Around the year 375, Augustine became a Manichaean Gnostic. Augustine was a Manichaean for nine years and was greatly influenced by them, whose doctrines were heretical. The Gnostics believed in two gods, one evil and one good. Some Gnostic groups renounced relationship and procreation. Many assumed that the dualism of flesh and spirit-the flesh being evil and the nature being good. Many historians have known that Augustine has taken this Manichaean influences into the Church. The Manichaean teachings are thought to have inspired Augustine's doctrine of the "total depravity" of mankind, the "elect" and "predestination. " They are the foundations and essential elements of the doctrine of Eternal Security that was to follow after Calvin received a hold of them.

Because of Augustine's sinful lifestyle, he cannot move forward in the Manichaean religion. He previously a trustworthiness of being a fornicator and a "womanizer. " Historian Wayne O'Donnell, is a University or college Professor at Georgetown School. He says:

Later Augustine became a skeptic and considered the beliefs of Neo-Platonism (a form of thought rooted in the idea of Plato). He commenced to merger these beliefs with his Gnostic and Religious beliefs. Augustine's writings were highly influenced by his studies in Neo-Platonism, Gnosticism, and the Religious Scriptures. Much like Calvinists today, he used Scripture out of context to complement his theology.

In 384, Augustine went to Milan as a incredulous teacher of rhetoric. Before he left Milan in 388, he had been baptized by Ambrose and was indebted to Ambrose's Catholic Neo-Platonism, which provided a philosophical foundation that eventually altered Christian theology. [2]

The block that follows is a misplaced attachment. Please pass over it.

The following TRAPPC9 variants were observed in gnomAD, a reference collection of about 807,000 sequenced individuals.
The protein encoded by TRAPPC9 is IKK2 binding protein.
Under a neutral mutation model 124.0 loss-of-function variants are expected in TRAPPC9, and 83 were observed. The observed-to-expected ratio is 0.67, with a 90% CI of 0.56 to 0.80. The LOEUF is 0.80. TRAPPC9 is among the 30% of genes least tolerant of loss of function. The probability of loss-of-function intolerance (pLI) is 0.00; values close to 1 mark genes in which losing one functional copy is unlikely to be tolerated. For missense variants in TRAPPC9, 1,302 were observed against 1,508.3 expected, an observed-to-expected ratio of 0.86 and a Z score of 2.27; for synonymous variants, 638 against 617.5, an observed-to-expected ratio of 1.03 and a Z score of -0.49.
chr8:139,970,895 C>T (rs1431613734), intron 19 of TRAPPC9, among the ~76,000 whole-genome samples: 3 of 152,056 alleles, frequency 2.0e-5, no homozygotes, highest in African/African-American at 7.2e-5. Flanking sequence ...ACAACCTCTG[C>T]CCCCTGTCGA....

Augustine was not only influenced by the Manichaean Gnostics, but he was also being inspired by his coach Ambrose. Ambrose had absorbed the most up-to-date Greek learning, Christian and pagan alike-notably the works of Philo, Origen, and Basil of Caesarea and of the pagan Neo-Platonist Plotinus. [3] Along with his "philosopher" ideas blending Scriptures with Platonism using its elements of mysticism and some Judaic and Greco-Roman reading, he influenced Augustine in his theology. Maybe this is excatly why, that no one that has ever before lived has affected Christian theology as Augustine has. He is responsible for a lot of what we should consider to be "Catholic" doctrine today. And in addition, he's also acknowledged with being a major participant in Protestant beliefs as well.

The historian Jaroslav Pelikan remarked:

Commenting on Augustine's booklet entitled, THE TOWN of God, the historian Edward Gibbon composed:

[1] A hundred years following the Reformation a effect from this extreme Genevan Calvinism developed around Amsterdam pastor and theologian, Jacob Arminius. After his untimely fatality in 1609, some of his followers, the Remonstrants, pressed his denial of Calvinism in five tips. With the Synod of Dort (1618-19) these were banished from holland Reformed churches by the Calvinists, who set out their doctrine in five opposing details, the famous acronym, TULIP.

[2] Encyclopdia Britannica, Inc. , Saint Ambrose, (Previous accessed 7/31/15): http://www. britannica. com/EBchecked/topic/19014/Saint-Ambrose

[3] Encyclopdia Britannica, Inc. , Saint Ambrose, (Last accessed 7/31/15): http://www. britannica. com/EBchecked/topic/19014/Saint-Ambrose